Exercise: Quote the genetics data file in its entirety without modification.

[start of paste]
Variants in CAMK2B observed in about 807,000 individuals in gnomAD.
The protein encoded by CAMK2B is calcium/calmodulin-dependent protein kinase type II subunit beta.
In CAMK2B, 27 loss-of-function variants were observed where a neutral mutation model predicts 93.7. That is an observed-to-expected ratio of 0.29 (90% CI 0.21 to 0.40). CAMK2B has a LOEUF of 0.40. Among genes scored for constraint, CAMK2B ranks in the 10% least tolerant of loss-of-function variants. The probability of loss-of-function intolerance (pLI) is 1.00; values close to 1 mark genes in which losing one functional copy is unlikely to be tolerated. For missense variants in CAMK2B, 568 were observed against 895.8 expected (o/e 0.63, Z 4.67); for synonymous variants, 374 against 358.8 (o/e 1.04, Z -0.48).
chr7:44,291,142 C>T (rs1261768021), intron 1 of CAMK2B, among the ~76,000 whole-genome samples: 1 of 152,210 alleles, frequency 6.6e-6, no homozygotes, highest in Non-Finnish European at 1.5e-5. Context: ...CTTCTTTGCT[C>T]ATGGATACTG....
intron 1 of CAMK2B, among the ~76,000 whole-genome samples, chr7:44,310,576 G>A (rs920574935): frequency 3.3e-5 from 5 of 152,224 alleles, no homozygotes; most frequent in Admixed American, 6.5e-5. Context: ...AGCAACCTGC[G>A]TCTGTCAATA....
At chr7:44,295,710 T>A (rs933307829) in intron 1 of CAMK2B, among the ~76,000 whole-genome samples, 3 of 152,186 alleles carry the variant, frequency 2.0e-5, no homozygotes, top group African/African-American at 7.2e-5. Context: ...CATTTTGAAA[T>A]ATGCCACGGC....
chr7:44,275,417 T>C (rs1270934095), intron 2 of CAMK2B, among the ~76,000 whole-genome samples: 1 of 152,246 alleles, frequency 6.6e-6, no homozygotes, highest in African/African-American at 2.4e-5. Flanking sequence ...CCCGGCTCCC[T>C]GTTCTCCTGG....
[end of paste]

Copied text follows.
Variants in CAMK2B observed in about 807,000 individuals in gnomAD.
The protein encoded by CAMK2B is calcium/calmodulin-dependent protein kinase type II subunit beta.
In CAMK2B, 27 loss-of-function variants were observed where a neutral mutation model predicts 93.7. That is an observed-to-expected ratio of 0.29 (90% CI 0.21 to 0.40). CAMK2B has a LOEUF of 0.40. Among genes scored for constraint, CAMK2B ranks in the 10% least tolerant of loss-of-function variants. The probability of loss-of-function intolerance (pLI) is 1.00; values close to 1 mark genes in which losing one functional copy is unlikely to be tolerated. For missense variants in CAMK2B, 568 were observed against 895.8 expected (o/e 0.63, Z 4.67); for synonymous variants, 374 against 358.8 (o/e 1.04, Z -0.48).
chr7:44,291,142 C>T (rs1261768021), intron 1 of CAMK2B, among the ~76,000 whole-genome samples: 1 of 152,210 alleles, frequency 6.6e-6, no homozygotes, highest in Non-Finnish European at 1.5e-5. Context: ...CTTCTTTGCT[C>T]ATGGATACTG....
intron 1 of CAMK2B, among the ~76,000 whole-genome samples, chr7:44,310,576 G>A (rs920574935): frequency 3.3e-5 from 5 of 152,224 alleles, no homozygotes; most frequent in Admixed American, 6.5e-5. Context: ...AGCAACCTGC[G>A]TCTGTCAATA....
At chr7:44,295,710 T>A (rs933307829) in intron 1 of CAMK2B, among the ~76,000 whole-genome samples, 3 of 152,186 alleles carry the variant, frequency 2.0e-5, no homozygotes, top group African/African-American at 7.2e-5. Context: ...CATTTTGAAA[T>A]ATGCCACGGC....
chr7:44,275,417 T>C (rs1270934095), intron 2 of CAMK2B, among the ~76,000 whole-genome samples: 1 of 152,246 alleles, frequency 6.6e-6, no homozygotes, highest in African/African-American at 2.4e-5. Flanking sequence ...CCCGGCTCCC[T>C]GTTCTCCTGG....